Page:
However I did find a couple of nice things... firstly the sunglasses, from a company called Colour Raven... and the frames are made of bamboo which is what attracted me in the first place. The lenses are pretty damn cool and make everything brighter and yellower, which is great until you take them off and everything seems dull and blue... but they also came in the cool bamboo tube at the back of the photo, with a cloth to clean them and a pouch.

I also poked around the bric-a-brac stall at the back and found the tarnished old Art Deco style teapot. Is it deco? Probably not, although it could be... but it only cost me $5, so even if it doesn't completely clean up and it's a total fake or as common as sand in the desert, it's still pretty.

Then we left the car where we'd parked it and wandered down to the Mall just for a general wander. Part of that included a look around Kmart where I bought the blue reusable icecubes... how well they're going to work I have no idea, but at least they won't water down my drinks. I also might have bought a toaster if they'd had any red ones.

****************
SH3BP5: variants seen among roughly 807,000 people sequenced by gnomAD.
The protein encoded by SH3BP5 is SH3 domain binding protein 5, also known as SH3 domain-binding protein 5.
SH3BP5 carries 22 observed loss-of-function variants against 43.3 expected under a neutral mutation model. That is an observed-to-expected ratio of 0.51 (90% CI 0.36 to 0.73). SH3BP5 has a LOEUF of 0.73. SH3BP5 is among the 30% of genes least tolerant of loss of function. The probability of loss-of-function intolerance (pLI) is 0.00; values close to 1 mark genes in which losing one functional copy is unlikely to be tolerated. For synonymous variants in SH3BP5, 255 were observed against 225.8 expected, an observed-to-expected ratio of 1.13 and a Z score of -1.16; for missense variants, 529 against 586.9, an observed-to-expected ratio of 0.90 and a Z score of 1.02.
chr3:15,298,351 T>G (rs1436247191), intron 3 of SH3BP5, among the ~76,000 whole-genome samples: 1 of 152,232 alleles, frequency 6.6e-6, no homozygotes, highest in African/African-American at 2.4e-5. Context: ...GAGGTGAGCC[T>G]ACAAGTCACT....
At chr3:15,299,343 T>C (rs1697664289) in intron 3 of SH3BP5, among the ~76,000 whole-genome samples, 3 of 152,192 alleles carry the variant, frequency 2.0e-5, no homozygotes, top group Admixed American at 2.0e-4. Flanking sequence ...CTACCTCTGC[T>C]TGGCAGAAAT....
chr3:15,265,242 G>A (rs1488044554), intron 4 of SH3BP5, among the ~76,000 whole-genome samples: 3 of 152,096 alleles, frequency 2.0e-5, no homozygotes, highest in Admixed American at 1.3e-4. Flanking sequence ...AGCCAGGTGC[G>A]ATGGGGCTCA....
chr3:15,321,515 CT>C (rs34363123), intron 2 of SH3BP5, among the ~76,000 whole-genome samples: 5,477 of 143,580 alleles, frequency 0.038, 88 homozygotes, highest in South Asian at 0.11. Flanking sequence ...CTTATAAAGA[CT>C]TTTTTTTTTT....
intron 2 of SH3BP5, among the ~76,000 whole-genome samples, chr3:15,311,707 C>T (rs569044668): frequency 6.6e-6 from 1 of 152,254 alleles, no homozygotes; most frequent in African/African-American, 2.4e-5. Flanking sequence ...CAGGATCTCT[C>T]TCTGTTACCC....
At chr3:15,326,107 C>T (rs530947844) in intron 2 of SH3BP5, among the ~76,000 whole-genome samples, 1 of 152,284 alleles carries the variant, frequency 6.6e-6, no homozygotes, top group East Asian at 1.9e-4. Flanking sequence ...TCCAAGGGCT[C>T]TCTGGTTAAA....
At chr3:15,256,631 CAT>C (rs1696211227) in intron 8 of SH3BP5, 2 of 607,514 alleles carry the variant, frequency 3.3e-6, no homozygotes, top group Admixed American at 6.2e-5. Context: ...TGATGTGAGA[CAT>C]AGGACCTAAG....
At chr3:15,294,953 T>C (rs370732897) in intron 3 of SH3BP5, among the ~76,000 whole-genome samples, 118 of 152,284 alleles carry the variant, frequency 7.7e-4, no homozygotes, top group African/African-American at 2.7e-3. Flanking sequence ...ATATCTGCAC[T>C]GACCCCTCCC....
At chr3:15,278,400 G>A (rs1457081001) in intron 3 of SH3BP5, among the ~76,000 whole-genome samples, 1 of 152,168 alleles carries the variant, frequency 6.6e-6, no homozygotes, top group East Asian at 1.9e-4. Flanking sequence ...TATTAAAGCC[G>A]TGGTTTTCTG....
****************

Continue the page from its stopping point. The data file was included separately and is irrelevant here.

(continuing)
And last but not least, I wanted to poke around Zing, for no real reason, mostly because I like seeing what they have... and found that they had the Disney Princess and Buddies blindbox toys from Funko... so after shaking a couple of boxes to see if I could determine anything at all (short version, no), I picked one that turned out to be Princess Jasmin, in her thematically appropriate blue outfit.

After we grabbed a bite to eat we headed back here, Ma headed home and I did a few bits and pieces before heading off to see the whole Bunker Trilogy in a single night (more on that later)... I also nearly showed up half a hour late AGAIN, but fortunately saw a tweet about it that reminded me it started at 4 instead of 4:30 like I had in my head for some reason.